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The Many Advantages of Being a Lazy, Impatient Programmer

webwallen profile image Daniel Wallen ・6 min read

The hardest thing about life is the challenge of balancing its competing demands.

How are you supposed to cope when you have to juggle a screaming child, impending deadline, and past due bills? There’s no easy answer.

I’m far from an expert as I’m an unmarried man with no kids who can afford to pursue an education without a job (read: am self-aware enough to know I benefit from privilege that should be openly disclosed).

That said, I nevertheless know a ton about a topic that might help you accomplish more stuff in less time. What is it? Don’t fret, I won’t make you guess... time and energy management.

From a Big Picture perspective, you only have two inputs with which you must produce every output you desire from life. Of course, they are your time and energy.

If you want to make the most of those precious resources, read ahead for actionable advice (plus several sad attempts at humor).

First, I’m going to share some key principles. Next, I’ll elaborate on the meaning behind them. And lastly, I’ll share a personal anecdote to demonstrate how I implement the idea in real life.

1. Fail Fast

Some programmers have the patience to stare at the same code for hours on end. I’m not one of them. If a block of code is behaving in an erratic and illogical way, I tend to scrap it instantly. Then I try again with a different approach and repeat the process until it respects my authority.

For example: last week I made a Pomodoro Clock for an app I’m creating with a team in Lambda School. The app is called Refresh. It’s meant to help students prevent burn-out and develop healthy habits (which I wrote about last week: here’s the article in case you’re curious).

Guess I should also explain the Pomodoro Technique for the unaware. Basically, there’s a theory that people operate more efficiently when they work in short bursts — of 25 minutes in this case — and take frequent breaks. Thus, I needed to create a timer component that fit those criteria.

Unfortunately, I’m crappy at designing functions related to tracking time. Same applies to math. Me and numbers don’t get along. I’d never accept a friend request from a math equation. Never! So this is how I ended up in a continuous state of timer-related-anxiety for almost an entire day.

I read and followed a tutorial. The author got lazy at the end and failed to explain exactly what two functions were supposed to do. Then I deleted every line of code. I found another tutorial. This one led to a working timer but it only counted seconds. Minutes didn’t register whatsoever.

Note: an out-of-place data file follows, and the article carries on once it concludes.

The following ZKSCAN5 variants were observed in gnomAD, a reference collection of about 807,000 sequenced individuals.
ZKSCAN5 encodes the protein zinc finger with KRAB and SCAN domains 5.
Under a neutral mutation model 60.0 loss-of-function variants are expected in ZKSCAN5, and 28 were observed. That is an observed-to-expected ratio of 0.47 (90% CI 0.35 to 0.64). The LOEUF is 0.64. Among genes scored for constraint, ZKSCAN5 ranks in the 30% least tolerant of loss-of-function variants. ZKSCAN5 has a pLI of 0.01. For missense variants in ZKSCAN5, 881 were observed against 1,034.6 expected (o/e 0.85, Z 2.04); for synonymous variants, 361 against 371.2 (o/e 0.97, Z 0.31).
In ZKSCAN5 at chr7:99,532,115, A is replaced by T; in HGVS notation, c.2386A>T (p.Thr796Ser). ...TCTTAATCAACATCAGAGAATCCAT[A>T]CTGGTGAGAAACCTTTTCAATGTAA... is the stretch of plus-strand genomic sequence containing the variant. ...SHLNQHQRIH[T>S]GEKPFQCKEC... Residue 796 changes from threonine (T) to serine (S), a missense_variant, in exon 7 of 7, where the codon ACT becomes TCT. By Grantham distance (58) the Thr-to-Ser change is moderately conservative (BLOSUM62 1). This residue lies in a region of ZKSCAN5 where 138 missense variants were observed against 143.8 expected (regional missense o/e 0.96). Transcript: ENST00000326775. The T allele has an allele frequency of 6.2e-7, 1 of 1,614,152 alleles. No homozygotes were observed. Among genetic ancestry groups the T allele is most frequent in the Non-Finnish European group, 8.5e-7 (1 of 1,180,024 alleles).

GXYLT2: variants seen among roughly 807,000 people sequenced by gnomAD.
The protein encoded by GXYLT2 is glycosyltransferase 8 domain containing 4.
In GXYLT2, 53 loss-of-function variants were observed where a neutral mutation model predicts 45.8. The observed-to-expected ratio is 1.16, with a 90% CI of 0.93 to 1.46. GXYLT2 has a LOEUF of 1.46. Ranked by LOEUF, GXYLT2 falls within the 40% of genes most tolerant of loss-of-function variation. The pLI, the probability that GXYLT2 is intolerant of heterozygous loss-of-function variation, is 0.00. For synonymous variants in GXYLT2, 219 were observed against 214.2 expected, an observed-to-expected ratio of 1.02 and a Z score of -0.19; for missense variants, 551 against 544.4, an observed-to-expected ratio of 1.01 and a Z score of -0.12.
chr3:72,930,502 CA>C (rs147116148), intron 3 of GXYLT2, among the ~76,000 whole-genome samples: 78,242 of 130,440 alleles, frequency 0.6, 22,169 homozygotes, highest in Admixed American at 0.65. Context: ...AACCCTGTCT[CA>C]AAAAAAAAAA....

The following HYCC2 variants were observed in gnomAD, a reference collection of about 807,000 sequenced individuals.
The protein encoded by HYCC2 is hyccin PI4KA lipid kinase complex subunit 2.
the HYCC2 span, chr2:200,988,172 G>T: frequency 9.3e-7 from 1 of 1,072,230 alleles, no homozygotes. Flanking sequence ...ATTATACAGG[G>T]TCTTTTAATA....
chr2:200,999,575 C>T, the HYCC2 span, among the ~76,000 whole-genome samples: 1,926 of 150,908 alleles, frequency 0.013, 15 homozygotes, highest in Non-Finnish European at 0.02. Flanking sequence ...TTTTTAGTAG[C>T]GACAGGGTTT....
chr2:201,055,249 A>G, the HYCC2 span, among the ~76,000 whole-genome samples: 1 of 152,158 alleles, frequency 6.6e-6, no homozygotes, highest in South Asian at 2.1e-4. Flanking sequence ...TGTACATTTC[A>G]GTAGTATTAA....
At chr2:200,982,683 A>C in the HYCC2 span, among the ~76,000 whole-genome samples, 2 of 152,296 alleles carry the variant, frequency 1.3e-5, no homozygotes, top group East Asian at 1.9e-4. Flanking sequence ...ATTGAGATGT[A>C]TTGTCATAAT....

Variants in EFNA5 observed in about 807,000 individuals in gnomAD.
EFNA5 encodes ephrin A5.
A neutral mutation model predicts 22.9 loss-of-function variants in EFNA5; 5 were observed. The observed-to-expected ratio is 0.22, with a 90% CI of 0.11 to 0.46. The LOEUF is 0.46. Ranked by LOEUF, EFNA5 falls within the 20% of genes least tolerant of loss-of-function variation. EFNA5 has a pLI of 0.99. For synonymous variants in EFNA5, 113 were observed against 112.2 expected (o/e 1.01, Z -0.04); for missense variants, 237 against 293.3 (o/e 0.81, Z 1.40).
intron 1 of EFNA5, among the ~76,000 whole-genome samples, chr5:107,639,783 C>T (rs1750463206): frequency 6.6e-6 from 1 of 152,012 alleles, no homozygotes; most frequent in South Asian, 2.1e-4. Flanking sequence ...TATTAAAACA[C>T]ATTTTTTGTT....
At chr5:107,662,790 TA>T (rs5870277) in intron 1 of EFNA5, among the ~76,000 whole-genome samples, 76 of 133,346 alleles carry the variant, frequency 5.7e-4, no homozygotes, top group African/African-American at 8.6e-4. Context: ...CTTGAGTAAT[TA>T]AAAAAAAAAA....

Next, I consumed myself in documentation about all things related to time tracking in Javascript. The minutes began to tick, but not correctly. Seconds increased by 5-8 numbers at a time. At this point, I wanted to scream, because the only potential solutions seemed too convoluted.

Finally, I failed forward into the best fix. There’s a library on NPM, a resource I don’t utilize nearly enough (which I’m addressing as we speak), that removes all the guesswork. Despise clocks and timers as much as me? Check out react-timer-hook. Simply touch-up the code to match your desired behavior. Ta-da, you’re done!

People say: “Patience is a virtue.” While this is true most of the time, it’s not always the case. A lack of patience is my best time-saving device. If I was patient enough to stare at the same code forever, it would’ve taken me a week to complete this component. But I’m too impatient for that. Thus, I forced myself to find a faster solution and finish in a day. Try to do the same and see what happens.

2. Have Boundaries

Not “boundaries” in the sense of what you share with others. I’m speaking of “boundaries” in terms of how you invest your time and energy. They are NOT infinite resources.

Follow politics? Watch the news? Even worse, are you outraged by what you see? Imagine the amount of mental energy that gets expended in reactions to events beyond your control.

My psychic powers informed me that some of you might be upset because I just suggested that it’s okay to not care. Or you may think I can only feel this way because I’m a straight white man.